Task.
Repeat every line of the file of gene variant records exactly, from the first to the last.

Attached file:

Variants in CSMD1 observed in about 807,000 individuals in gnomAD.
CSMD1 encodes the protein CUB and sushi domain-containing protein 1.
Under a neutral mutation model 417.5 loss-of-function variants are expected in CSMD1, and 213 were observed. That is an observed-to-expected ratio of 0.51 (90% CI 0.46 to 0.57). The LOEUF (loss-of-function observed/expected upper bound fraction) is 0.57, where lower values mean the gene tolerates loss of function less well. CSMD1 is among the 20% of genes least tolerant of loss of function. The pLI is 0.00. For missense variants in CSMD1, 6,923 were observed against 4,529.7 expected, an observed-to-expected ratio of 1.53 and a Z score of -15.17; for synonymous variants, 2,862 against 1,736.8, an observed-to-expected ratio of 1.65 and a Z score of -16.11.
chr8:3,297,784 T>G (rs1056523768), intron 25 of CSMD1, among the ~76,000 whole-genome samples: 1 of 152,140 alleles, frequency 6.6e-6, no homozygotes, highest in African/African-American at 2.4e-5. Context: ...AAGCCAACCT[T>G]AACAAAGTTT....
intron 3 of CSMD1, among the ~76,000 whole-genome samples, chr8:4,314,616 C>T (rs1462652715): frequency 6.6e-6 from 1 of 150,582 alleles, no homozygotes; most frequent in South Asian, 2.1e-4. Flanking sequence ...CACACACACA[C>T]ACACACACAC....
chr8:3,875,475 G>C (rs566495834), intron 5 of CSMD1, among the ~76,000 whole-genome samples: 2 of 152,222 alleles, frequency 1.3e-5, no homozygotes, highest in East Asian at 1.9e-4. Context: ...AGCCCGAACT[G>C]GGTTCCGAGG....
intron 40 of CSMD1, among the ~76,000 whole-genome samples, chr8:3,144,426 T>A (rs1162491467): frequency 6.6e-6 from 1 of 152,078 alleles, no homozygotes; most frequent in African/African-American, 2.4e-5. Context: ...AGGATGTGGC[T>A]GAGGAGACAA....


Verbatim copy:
Variants in CSMD1 observed in about 807,000 individuals in gnomAD.
CSMD1 encodes the protein CUB and sushi domain-containing protein 1.
Under a neutral mutation model 417.5 loss-of-function variants are expected in CSMD1, and 213 were observed. That is an observed-to-expected ratio of 0.51 (90% CI 0.46 to 0.57). The LOEUF (loss-of-function observed/expected upper bound fraction) is 0.57, where lower values mean the gene tolerates loss of function less well. CSMD1 is among the 20% of genes least tolerant of loss of function. The pLI is 0.00. For missense variants in CSMD1, 6,923 were observed against 4,529.7 expected, an observed-to-expected ratio of 1.53 and a Z score of -15.17; for synonymous variants, 2,862 against 1,736.8, an observed-to-expected ratio of 1.65 and a Z score of -16.11.
chr8:3,297,784 T>G (rs1056523768), intron 25 of CSMD1, among the ~76,000 whole-genome samples: 1 of 152,140 alleles, frequency 6.6e-6, no homozygotes, highest in African/African-American at 2.4e-5. Context: ...AAGCCAACCT[T>G]AACAAAGTTT....
intron 3 of CSMD1, among the ~76,000 whole-genome samples, chr8:4,314,616 C>T (rs1462652715): frequency 6.6e-6 from 1 of 150,582 alleles, no homozygotes; most frequent in South Asian, 2.1e-4. Flanking sequence ...CACACACACA[C>T]ACACACACAC....
chr8:3,875,475 G>C (rs566495834), intron 5 of CSMD1, among the ~76,000 whole-genome samples: 2 of 152,222 alleles, frequency 1.3e-5, no homozygotes, highest in East Asian at 1.9e-4. Context: ...AGCCCGAACT[G>C]GGTTCCGAGG....
intron 40 of CSMD1, among the ~76,000 whole-genome samples, chr8:3,144,426 T>A (rs1162491467): frequency 6.6e-6 from 1 of 152,078 alleles, no homozygotes; most frequent in African/African-American, 2.4e-5. Context: ...AGGATGTGGC[T>A]GAGGAGACAA....